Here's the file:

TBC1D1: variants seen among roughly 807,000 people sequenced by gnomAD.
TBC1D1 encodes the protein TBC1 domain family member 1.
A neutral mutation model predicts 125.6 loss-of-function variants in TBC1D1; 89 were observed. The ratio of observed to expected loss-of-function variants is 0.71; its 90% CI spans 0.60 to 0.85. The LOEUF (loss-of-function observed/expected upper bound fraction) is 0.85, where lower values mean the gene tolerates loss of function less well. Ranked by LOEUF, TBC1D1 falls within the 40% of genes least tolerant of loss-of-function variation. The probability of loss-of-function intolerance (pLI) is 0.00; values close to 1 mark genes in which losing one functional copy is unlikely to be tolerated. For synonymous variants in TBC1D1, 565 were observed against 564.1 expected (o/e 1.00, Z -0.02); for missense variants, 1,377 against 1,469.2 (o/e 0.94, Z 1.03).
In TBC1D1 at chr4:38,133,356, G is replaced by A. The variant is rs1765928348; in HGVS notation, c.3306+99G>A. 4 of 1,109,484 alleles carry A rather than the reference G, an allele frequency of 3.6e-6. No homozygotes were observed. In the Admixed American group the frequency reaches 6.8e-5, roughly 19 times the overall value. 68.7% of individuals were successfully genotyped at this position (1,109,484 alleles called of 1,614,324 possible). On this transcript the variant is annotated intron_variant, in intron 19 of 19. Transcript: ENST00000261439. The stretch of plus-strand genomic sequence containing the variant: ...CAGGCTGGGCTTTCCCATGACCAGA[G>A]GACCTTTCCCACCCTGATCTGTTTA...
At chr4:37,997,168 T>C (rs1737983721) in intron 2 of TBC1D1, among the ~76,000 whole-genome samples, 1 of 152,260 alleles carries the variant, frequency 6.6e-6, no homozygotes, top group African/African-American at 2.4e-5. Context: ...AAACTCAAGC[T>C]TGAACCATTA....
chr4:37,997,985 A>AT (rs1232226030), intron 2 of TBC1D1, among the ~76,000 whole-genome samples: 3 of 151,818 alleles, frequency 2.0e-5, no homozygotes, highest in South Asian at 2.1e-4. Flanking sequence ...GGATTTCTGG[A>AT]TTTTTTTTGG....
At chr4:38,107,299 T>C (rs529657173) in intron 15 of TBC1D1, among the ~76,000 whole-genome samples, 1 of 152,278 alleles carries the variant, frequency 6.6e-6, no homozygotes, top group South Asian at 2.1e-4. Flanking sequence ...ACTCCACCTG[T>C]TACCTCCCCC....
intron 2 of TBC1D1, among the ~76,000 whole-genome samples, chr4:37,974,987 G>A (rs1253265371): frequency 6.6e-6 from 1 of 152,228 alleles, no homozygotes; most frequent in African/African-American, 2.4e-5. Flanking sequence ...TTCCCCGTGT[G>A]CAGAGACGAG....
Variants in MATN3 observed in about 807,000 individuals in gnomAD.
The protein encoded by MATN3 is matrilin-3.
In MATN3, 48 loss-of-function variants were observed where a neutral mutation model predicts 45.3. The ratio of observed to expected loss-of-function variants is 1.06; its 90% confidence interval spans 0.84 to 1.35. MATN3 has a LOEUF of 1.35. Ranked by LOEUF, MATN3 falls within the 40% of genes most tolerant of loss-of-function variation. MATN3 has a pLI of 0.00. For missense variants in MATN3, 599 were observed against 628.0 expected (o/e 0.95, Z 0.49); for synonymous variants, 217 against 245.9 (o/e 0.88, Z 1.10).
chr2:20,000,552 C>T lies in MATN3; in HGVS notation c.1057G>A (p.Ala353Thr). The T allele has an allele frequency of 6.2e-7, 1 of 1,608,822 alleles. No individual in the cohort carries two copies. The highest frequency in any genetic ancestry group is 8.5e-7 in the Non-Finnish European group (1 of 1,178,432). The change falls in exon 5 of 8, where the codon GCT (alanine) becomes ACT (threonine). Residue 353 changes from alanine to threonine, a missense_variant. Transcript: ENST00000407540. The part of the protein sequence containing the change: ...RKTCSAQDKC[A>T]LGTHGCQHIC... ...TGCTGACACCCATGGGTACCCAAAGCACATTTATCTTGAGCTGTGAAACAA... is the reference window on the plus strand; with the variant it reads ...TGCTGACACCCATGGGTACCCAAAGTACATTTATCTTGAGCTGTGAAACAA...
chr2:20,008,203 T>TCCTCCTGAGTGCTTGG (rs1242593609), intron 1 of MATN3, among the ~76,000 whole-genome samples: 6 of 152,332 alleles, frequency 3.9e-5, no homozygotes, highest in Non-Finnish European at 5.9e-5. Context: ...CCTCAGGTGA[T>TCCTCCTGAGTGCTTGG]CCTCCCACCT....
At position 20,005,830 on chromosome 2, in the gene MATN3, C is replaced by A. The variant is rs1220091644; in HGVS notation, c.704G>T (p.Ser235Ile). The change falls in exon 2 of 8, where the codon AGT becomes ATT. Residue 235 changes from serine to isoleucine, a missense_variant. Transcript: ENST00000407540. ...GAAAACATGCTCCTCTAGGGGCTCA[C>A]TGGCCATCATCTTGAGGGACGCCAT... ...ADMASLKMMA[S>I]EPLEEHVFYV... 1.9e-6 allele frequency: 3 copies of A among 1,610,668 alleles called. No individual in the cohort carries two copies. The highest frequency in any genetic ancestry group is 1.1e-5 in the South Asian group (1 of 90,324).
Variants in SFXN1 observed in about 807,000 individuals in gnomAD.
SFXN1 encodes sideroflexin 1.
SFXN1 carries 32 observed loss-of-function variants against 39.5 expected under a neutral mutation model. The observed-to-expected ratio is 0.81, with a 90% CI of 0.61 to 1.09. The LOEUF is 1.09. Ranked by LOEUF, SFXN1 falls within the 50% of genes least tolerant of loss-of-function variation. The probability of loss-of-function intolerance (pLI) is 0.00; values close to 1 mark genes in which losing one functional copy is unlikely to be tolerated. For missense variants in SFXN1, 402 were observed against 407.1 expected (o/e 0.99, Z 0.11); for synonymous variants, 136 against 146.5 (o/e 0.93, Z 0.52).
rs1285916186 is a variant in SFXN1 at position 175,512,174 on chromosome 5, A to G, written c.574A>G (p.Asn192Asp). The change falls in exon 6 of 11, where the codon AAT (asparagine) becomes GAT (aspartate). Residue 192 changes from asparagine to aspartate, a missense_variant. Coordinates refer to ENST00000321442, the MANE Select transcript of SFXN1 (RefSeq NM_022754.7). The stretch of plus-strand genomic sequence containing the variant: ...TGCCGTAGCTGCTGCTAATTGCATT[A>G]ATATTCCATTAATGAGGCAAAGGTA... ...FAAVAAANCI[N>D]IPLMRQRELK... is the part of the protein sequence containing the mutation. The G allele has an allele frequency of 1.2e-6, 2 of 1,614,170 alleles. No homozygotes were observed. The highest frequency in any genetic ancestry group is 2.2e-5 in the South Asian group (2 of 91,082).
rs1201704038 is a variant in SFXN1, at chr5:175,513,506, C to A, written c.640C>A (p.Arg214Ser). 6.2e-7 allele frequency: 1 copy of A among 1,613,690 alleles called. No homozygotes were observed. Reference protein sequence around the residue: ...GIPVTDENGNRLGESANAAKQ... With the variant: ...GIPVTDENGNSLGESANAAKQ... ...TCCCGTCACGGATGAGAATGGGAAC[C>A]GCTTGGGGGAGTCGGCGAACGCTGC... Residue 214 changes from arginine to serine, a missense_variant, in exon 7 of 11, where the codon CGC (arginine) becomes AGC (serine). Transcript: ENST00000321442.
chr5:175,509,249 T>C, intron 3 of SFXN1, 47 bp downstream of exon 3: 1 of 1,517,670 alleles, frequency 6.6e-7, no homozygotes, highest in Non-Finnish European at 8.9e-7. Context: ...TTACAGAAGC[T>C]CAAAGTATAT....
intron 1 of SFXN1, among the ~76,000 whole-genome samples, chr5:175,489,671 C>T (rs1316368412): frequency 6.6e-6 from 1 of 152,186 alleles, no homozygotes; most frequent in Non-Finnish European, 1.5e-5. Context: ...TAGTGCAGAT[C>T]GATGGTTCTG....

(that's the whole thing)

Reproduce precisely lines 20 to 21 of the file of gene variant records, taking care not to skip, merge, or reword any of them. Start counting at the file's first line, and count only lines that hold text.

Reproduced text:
chr5:175,509,249 T>C, intron 3 of SFXN1, 47 bp downstream of exon 3: 1 of 1,517,670 alleles, frequency 6.6e-7, no homozygotes, highest in Non-Finnish European at 8.9e-7. Context: ...TTACAGAAGC[T>C]CAAAGTATAT....
intron 1 of SFXN1, among the ~76,000 whole-genome samples, chr5:175,489,671 C>T (rs1316368412): frequency 6.6e-6 from 1 of 152,186 alleles, no homozygotes; most frequent in Non-Finnish European, 1.5e-5. Context: ...TAGTGCAGAT[C>T]GATGGTTCTG....